The Good Person of Szechwan

It was just another day in Szechwan with people going about their daily business until three wandering gods in disguise turned up in the city in need of a place to stay while they continued their search for a shining example of honesty among the humans. You might think that for beings traditionally imbued with omniscience it would be an easy task. But this is theatre and more specifically the epic theatre of Bertol Brecht, who set the divine challenge eighty years ago in The Good Person of Szechwan.

Energetically and vividly staged

Nick Blakeley, Callum Coates and Tim Samuels create three contrasting deities and provide some delightful humour as they embark on their search. If they can find this person then the future of humanity is safe, otherwise we are all doomed. With the stakes set so high they are fortunate to bump into Wang, endearingly played with wry humour by Leo Wan. Wang is an impoverished purveyor of water, who knows everyone. He sets about asking if anyone has a room but to his dismay and humiliation he is turned away by them all. Enter Shen Te, (Ami Tredrea) who, as the local prostitute draws on her experience of accommodating visiting men, and reluctantly offers to take them in. Overwhelmed by her generosity and despite her profession the gods announce that she is the only good person they have encountered and after some debate about interfering in economics they decide to give her $1000. With this she rents a tobacco shop.

The news of her wealth spreads rapidly and she is soon beset by an array of locals asking for money to an extent that could destroy her business, but she finds the hard decisions of capitalism to go against her nature. Thus she invents and plays the figure of her fictional cousin Shui Ta behind whose persona she can hide to make all the difficult decisions. Trudeau flits effortlessly between the two roles, while further heightening the comedy. What she can’t do is hide where he is staying and that provokes disputes over references and rent with the landlady Mrs Mi Tzu, eccentrically played with enormous presence by Melody Brown. Now throw in a romance with the mischievous Yang Sun, whom Aidan Cheng turns into an embodiment of the yin/yang opposites, and the scene is set for a carnival of chaos with a multitude of issues emerging throughout.

Despite appeals to the gods, when all is revealed, they are unable to resolve her dilemma of being a good woman whom the system forced to become a bad man. The gods return home and Brecht gives no resolution to her plight, which is a universal paradox. Instead, there is the famous epilogue, in which he throws the ball into the audience’s court explaining that any answer must come from the people themselves in society; it cannot be handed down.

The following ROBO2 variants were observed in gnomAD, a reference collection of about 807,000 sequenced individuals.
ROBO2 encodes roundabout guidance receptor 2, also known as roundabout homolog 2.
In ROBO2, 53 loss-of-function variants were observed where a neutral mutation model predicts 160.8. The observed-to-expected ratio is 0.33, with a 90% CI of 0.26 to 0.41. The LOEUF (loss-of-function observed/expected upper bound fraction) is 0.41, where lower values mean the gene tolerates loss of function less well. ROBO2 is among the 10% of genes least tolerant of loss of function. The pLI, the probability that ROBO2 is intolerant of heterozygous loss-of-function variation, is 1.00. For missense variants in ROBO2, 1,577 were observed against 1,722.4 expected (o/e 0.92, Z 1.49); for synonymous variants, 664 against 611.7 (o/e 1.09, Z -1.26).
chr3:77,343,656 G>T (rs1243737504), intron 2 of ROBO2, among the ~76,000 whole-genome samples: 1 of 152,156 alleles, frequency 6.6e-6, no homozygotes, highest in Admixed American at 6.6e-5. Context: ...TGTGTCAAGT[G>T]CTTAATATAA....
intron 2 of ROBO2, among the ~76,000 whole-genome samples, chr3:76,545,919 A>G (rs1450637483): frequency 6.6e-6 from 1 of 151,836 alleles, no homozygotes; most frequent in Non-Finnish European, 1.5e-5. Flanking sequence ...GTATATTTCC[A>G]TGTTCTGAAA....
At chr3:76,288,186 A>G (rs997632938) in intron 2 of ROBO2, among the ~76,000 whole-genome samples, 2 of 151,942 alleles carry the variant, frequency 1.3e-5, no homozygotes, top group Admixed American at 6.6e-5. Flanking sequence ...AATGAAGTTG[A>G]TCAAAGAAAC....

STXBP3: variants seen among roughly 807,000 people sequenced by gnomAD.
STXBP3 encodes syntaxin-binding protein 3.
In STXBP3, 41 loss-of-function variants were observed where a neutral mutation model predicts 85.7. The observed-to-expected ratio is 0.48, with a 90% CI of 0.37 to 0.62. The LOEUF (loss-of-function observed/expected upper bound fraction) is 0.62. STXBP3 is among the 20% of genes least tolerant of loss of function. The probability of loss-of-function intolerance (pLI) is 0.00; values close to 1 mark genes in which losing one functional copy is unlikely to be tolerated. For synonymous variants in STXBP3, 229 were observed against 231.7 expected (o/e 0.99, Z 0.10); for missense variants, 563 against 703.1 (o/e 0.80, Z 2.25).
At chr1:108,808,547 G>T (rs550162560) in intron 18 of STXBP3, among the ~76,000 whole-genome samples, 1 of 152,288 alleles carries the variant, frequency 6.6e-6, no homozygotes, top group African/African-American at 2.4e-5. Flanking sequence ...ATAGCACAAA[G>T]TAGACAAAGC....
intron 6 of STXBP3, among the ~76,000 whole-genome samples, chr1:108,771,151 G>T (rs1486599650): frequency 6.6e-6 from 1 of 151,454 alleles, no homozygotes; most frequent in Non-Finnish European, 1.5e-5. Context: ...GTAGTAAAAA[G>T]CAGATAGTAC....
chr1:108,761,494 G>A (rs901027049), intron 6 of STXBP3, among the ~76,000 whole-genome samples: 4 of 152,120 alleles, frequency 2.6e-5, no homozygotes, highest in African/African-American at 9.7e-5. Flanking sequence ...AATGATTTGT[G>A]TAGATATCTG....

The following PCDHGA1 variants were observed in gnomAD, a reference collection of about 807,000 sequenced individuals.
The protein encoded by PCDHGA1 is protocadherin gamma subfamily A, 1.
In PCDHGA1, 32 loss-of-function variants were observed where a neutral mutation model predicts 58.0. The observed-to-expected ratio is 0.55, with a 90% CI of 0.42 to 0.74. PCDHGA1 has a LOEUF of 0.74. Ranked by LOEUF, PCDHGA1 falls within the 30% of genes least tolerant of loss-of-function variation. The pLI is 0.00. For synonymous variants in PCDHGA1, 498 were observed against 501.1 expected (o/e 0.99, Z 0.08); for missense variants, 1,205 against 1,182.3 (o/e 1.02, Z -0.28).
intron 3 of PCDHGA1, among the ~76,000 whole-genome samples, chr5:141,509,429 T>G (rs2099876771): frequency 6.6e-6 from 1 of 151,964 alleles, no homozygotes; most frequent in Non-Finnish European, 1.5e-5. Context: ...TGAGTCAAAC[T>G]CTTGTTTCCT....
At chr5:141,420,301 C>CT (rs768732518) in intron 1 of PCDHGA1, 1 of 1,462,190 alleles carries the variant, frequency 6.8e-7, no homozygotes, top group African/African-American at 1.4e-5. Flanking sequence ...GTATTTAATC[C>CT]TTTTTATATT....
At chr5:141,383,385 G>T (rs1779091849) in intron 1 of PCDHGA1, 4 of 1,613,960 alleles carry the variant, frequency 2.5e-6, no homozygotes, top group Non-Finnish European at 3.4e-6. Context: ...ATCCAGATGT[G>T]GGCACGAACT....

This adaptation by Nina Segal, directed by Anthony Lau at the Lyric Hammersmith Theatre in an ETT and Sheffield Theatres co-production, takes that ending in its stride, devoting energy and fun to expounding the situations in a frenzy of activity. There’s none of the heaviness that might be expected in the German communist’s writing, as scene after scene espouses comedy, cabaret and circus in a fast-paced and vibrant outpouring of satire that often seems well on its way to pantomime via commedia dell’arte. Apparently Segal ‘has never been interested in naturalism’ and this production is testament to her desire to create ‘something accessible and contemporary’.

Strong performances abound on the set by Georgia Lowe, which is entertaining and full of colour in itself. Lighting Designer Jessica Hung Han Yun, Composer DJ Walde and Sound Designer Alexandra Faye Braithwaite have worked imaginatively to create coherent embellishment for the text and support for the directorial style.

It’s a joy to see Brecht’s work so energetically and vividly staged.

Reviews by Richard Beck

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The Blurb

"What is the cost of being good?”

In the hustle and bustle of a modern-day metropolis, it’s a dog-eat-dog world and Shen Te is doing all she can to get by.

When three gods reward her hospitality with a life-changing sum of money, Shen Te opens a tobacco shop and claims the stability she’s always dreamed of. But the struggle is not over yet; she is forced to question the cost of her own survival as she resorts to scheming and deceit to flourish in this capitalist world.

In its 80th anniversary, Brecht’s play is brought up to date in a new version by Nina Segal (In The Night Time (Before The Sun Rises)), directed by Anthony Lau (Sheffield Theatres’ Anna Karenina).

The Good Person of Szechwan has been selected as a best theatre pick for 2023 by The Guardian, Daily Telegraph and The Times.

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